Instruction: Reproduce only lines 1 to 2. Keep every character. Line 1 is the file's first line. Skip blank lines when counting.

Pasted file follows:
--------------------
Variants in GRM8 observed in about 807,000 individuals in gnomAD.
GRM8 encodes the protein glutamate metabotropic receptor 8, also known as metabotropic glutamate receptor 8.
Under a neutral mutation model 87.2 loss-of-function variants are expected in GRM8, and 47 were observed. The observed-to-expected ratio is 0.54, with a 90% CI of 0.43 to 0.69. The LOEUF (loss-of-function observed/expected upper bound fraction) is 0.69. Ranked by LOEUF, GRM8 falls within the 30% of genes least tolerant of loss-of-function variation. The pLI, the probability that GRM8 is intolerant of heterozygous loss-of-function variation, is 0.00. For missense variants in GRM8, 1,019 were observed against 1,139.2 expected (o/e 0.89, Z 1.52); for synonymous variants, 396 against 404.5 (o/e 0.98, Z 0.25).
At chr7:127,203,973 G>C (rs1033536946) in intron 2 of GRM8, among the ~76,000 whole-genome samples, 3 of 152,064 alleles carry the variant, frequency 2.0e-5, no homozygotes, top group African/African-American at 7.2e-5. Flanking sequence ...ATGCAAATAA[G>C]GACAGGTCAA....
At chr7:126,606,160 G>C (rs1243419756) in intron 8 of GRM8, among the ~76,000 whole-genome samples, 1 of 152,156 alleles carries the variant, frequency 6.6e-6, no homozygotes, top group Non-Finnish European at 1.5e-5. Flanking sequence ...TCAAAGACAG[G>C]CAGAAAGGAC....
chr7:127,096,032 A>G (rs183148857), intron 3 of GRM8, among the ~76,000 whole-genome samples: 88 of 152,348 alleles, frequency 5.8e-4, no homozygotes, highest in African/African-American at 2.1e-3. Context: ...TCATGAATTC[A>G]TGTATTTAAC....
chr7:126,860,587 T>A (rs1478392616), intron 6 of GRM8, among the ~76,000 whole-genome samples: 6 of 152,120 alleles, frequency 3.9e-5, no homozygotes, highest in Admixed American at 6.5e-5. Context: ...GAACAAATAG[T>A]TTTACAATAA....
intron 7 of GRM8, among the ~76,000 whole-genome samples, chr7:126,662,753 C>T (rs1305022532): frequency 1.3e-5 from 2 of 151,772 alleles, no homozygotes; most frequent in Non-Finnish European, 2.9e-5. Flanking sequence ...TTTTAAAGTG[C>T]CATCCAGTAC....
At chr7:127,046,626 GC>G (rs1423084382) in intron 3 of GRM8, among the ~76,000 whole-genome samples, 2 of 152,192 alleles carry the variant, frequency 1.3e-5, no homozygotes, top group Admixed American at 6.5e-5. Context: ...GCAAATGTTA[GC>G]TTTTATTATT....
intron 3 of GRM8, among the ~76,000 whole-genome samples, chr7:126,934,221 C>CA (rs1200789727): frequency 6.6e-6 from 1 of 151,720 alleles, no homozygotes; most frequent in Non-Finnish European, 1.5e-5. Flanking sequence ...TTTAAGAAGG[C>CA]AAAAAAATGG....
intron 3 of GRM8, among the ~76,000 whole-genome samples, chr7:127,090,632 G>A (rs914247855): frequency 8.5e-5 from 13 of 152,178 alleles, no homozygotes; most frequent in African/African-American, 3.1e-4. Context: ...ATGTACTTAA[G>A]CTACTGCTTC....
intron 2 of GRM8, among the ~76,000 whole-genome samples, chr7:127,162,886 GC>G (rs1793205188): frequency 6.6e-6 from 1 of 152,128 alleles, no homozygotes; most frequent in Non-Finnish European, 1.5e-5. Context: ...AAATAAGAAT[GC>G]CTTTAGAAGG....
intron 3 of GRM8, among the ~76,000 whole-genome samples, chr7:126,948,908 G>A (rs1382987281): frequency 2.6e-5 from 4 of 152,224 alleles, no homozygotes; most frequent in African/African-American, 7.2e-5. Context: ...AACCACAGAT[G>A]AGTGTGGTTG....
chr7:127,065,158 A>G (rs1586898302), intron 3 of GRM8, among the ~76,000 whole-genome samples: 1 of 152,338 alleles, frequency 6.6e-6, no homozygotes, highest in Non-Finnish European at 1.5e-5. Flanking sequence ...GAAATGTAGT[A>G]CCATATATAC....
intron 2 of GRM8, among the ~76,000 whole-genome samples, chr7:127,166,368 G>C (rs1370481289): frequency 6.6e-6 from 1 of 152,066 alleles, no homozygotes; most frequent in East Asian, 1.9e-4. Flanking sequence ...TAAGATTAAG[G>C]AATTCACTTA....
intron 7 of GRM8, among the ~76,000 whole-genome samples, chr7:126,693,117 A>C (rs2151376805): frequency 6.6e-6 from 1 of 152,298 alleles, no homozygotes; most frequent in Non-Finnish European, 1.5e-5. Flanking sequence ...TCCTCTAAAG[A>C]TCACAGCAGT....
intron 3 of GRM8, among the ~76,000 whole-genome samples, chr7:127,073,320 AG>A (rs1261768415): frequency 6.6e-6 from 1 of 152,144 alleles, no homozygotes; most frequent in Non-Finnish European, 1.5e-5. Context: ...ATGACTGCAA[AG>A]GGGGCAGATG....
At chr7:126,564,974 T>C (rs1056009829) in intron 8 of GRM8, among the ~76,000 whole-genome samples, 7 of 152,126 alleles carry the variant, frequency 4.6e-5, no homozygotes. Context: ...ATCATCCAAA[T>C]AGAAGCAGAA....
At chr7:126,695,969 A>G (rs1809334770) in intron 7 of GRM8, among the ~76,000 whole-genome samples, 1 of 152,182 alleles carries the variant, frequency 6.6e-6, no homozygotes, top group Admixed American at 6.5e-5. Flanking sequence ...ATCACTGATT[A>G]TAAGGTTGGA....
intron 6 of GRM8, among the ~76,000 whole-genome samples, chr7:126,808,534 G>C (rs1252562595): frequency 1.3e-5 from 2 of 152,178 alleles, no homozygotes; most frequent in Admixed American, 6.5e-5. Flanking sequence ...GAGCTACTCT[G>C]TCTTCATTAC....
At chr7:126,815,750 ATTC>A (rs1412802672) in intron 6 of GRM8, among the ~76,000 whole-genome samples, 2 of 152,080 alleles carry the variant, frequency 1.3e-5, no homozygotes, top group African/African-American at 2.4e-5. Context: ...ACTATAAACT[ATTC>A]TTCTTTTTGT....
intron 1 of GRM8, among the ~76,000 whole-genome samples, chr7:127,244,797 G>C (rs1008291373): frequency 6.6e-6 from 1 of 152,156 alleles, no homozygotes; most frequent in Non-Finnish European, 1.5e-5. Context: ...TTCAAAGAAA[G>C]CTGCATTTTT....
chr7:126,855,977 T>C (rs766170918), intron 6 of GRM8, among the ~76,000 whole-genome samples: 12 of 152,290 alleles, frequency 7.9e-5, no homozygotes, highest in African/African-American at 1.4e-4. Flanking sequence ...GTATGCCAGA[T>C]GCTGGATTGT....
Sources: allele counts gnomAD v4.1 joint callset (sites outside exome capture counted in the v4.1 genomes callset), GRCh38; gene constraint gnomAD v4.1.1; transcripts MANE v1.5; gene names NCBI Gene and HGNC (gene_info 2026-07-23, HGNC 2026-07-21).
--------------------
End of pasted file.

Variants in GRM8 observed in about 807,000 individuals in gnomAD.
GRM8 encodes the protein glutamate metabotropic receptor 8, also known as metabotropic glutamate receptor 8.